Satchidananda, the founder of “Yogaville” may have died in August, but his die-hard followers want to keep his memory alive. They staged a “remembrance weekend” to honor the man many say developed a “cult” following.

In a rededication ceremony a crane was used to pour water from “holy rivers” over the multi-million dollar edifice known as the “Lotus Shrine,” which the late guru had built within his ashram compound known as “Yogaville,” reported the Daily Progress of Charlottesville.

However, what the local Virginia newspaper failed to report was the devastation caused by Satchidananda to many members and families during the guru’s reign over his “spritual” kingdom that began in the 1960s.

The man his ardent disciples called “Sri Swami Satchidananda Maharaj” and wish the world to remember as a selfless and celibate “spiritual leader” was actually a faker, sexual predator and liar, according to some former members. Apparently, the swami wasn’t so celibate with his female secretaries and traveling companions.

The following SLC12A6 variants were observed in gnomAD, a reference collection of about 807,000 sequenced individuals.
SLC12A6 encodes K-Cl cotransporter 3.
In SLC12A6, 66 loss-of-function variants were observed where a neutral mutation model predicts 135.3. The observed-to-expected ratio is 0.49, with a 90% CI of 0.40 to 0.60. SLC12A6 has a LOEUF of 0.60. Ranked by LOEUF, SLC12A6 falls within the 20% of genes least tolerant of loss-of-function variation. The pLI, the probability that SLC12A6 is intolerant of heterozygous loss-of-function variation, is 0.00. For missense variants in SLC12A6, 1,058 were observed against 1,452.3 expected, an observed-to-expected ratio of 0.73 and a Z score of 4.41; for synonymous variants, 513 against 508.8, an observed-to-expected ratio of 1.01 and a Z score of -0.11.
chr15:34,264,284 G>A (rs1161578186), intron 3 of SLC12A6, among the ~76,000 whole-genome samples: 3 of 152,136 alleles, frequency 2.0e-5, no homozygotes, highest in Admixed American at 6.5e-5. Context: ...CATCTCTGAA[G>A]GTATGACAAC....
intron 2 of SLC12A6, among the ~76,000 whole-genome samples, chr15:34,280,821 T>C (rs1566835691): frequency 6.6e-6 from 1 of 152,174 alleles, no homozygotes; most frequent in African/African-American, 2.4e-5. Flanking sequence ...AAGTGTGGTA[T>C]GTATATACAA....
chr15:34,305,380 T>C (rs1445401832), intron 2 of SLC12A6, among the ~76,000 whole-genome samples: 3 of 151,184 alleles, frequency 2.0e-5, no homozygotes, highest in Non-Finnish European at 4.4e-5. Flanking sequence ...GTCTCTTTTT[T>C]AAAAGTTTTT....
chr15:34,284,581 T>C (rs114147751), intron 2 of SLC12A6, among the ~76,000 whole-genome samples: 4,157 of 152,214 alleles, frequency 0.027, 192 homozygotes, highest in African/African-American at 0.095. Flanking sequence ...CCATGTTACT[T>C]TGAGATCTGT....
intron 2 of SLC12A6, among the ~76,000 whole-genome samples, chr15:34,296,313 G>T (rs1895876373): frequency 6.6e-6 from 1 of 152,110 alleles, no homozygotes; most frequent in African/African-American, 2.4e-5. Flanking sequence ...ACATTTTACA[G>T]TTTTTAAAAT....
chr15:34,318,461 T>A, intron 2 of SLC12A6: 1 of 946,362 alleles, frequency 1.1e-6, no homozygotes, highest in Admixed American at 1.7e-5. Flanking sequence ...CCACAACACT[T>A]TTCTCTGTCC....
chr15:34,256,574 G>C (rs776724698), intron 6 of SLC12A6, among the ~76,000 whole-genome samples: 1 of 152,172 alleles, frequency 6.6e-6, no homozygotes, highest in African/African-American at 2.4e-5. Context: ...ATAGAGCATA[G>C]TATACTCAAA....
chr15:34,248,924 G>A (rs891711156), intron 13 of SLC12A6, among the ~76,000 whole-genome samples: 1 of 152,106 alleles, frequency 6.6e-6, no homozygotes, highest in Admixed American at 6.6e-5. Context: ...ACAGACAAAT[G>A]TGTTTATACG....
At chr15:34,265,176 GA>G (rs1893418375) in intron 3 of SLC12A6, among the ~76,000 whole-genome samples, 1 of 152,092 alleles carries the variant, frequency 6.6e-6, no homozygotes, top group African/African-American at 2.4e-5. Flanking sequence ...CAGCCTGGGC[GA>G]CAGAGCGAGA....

When a sex scandal broke about Satchidananda in the early 90s many members left, while others deeply invested in the group through years of devotion seemingly chose denial instead. As the ever “spiritual” swami said, “Don’t judge me, I am your guru. If you choose to believe it you can leave right now. Or, if you have faith, you can stay and continue in my service.”

Many cults die with their founders. However, when there is a large residue of assets such as property, businesses and cash the incentive is there to carry on. Satchidananda left behind such a tangible “legacy.”

The guru’s remaining devotees seem intent upon maintaining that “legacy.” And it appears that Yogaville, like the deceased “swami,” has developed its own history of abuse allegations.

But no matter how much “holy” water Satchidananda’s followers pour out at Yogaville nothing is likely to wash away the allegations of abuse, which taint both its former leader and the ashram.


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